Top Chinese dating site Baihe’s shares fall after WePhone founder’s suicide sparks questions over data verification
The death of Su Xiangmao, 37, sparked online debate about whether dating sites are accountable for verifying users’ personal data
Shares of Baihe.com, which owns China’s largest online dating website, plunged by almost half after the site was accused of failing to verify personal information about a woman who allegedly drove her ex-husband, a successful technology entrepreneur, to suicide.
Su Xiangmao, 37, the founder of the Skype-like WePhone app, killed himself last Thursday and left a note accusing his ex-wife of lying when they met through jiayuan.com’s VIP service and blackmailing him when their one-month marriage ended. He said Zhai Xinxin had lied about her age, marital history and other details in her online profile.
Zhai could not be contacted for comment, and the Post was unable to independently verify the allegations against her.
Baihe.com’s shares dropped sharply on Wednesday after Su’s death sparked fierce online debate about whether dating sites should be held accountable for verifying members’ data, with many blaming jiayuan.com for not doing so in Zhai’s case.
The stock traded as low as 3.6 yuan, down 48 per cent, on the National Equities Exchange and Quotations, China’s over-the-counter stock market for start-ups. It later recovered some ground, closing 19 per cent lower at 5.68 yuan.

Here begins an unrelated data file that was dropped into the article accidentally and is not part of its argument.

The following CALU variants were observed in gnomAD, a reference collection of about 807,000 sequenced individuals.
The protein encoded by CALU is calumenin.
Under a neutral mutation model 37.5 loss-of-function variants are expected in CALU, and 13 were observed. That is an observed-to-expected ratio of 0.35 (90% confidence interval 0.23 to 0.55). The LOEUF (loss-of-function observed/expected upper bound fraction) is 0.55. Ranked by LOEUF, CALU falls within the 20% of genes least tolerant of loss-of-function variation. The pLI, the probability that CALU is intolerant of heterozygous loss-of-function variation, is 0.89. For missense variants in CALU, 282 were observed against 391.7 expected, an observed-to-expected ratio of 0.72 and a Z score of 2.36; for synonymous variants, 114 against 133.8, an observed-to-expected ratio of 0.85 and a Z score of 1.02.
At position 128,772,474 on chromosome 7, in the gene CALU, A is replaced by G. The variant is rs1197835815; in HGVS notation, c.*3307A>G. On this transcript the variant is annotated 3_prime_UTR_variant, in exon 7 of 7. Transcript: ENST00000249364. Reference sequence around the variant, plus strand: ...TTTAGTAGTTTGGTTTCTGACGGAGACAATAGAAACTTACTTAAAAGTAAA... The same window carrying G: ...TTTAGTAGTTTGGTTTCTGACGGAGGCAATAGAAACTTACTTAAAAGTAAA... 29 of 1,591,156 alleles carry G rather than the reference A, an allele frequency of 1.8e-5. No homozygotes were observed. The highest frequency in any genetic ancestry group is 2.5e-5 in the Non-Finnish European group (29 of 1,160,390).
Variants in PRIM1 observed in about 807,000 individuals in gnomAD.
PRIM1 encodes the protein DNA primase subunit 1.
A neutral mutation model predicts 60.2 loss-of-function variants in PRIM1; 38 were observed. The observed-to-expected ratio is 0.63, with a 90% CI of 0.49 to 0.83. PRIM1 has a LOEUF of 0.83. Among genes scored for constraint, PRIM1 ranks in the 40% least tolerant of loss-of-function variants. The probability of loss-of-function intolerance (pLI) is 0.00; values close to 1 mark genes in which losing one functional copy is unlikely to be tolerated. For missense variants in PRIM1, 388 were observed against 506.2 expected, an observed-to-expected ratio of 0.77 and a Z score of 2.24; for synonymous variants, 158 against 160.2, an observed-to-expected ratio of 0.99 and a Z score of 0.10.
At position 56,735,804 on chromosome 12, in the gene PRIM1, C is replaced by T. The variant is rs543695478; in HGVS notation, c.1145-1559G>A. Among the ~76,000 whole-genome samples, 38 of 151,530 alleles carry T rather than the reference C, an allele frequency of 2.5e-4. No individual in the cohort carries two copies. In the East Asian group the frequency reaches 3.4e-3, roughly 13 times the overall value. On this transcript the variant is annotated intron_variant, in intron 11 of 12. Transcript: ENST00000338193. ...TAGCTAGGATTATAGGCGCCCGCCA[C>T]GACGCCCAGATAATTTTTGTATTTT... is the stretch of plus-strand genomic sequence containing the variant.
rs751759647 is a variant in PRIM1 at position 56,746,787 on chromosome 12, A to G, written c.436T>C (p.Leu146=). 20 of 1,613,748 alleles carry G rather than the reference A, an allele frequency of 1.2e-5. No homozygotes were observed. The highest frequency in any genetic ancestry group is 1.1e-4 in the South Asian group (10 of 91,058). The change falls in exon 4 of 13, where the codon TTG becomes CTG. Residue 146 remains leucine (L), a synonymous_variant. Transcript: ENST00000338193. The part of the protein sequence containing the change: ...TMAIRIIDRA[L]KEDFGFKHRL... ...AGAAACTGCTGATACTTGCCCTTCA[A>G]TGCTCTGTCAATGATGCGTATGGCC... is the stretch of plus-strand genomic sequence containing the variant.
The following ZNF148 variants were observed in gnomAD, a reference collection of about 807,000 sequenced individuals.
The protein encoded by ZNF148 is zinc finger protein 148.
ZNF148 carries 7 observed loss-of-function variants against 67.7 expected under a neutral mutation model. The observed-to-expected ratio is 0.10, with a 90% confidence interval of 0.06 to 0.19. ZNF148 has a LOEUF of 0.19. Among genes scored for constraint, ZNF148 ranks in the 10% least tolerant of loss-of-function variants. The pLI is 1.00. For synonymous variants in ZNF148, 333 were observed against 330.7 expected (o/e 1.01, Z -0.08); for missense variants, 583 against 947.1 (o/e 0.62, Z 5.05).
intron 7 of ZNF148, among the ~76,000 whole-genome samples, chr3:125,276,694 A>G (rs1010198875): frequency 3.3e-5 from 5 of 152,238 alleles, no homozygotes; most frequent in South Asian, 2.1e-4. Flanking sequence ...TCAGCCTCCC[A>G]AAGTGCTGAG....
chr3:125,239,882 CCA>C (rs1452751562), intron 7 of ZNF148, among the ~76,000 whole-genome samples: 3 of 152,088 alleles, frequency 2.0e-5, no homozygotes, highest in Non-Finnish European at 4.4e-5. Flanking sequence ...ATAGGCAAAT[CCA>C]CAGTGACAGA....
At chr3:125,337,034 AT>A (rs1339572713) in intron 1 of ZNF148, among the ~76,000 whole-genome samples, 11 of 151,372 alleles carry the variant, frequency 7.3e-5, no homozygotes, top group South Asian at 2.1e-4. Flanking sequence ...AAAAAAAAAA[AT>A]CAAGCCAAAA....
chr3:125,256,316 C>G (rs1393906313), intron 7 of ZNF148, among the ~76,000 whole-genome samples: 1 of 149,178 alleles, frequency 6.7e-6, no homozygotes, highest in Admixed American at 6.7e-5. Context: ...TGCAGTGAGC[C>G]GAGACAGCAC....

On Thursday morning, the stock fell further, down 37 per cent to trade at 3.6 yuan.
Su, from Beijing, leaped to his death from an apartment building roof after uploading his suicide note to Google+.
In it, he claims Zhai, whom he had married after dating for two months, drove him to despair by demanding 10 million yuan from him in return for her silence over taxes she said he owed. He said WePhone would suspend its services after his death.
The suicide note has been widely circulated on China’s internet, topping the news search on Weibo on Wednesday.
In response to the tragedy, jiayuan.com issued a statement last weekend on its official Weibo account.
“After verifications, [we found that] the late WePhone founder Su Xiangmao and his ex-wife Zhai Xinxin are both jiayuan.com’s members and have completed real-name authentication respectively, ” the statement said.
“Jiayuan will closely watch the development of events and cooperate with related departments in investigations and evidence collection.”
The company did not say whether Zhai’s information had been found to be genuine or not.
Su Xianglong, the brother of Su, said on his verified Weibo account that Zhai had lied about her marriage history, while jiayuan had failed to verify her the information in her profile.
Jiayuan has more than 170 million registered users and 107 physical stores providing matchmaking services.
In December 2015, Baihe acquired the Nasdaq-listed firm in a deal that valued it at about US$250 million. Jiayuan then delisted its shares from the Nasdaq exchange.
Before the delisting, jiayuan posted a net profit of 25.4 million yuan for 2015, up 26 per cent from the previous year. The increase was driven by a rapid rise in revenues from its VIP matchmaking service.
In the first half of 2017, Baihe registered a 137 per cent surge in revenues to 180 million yuan. Its half-year net profit reached 88 million yuan, swinging from a net profit loss of 60 million yuan in 2016.
China’s online dating market has been growing at a rapid pace. In 2016, the industry’s market size reached 3.4 billion yuan, almost tripling 2014’s 1.2 billion yuan, according to a recent estimate by private research firm Analysys International.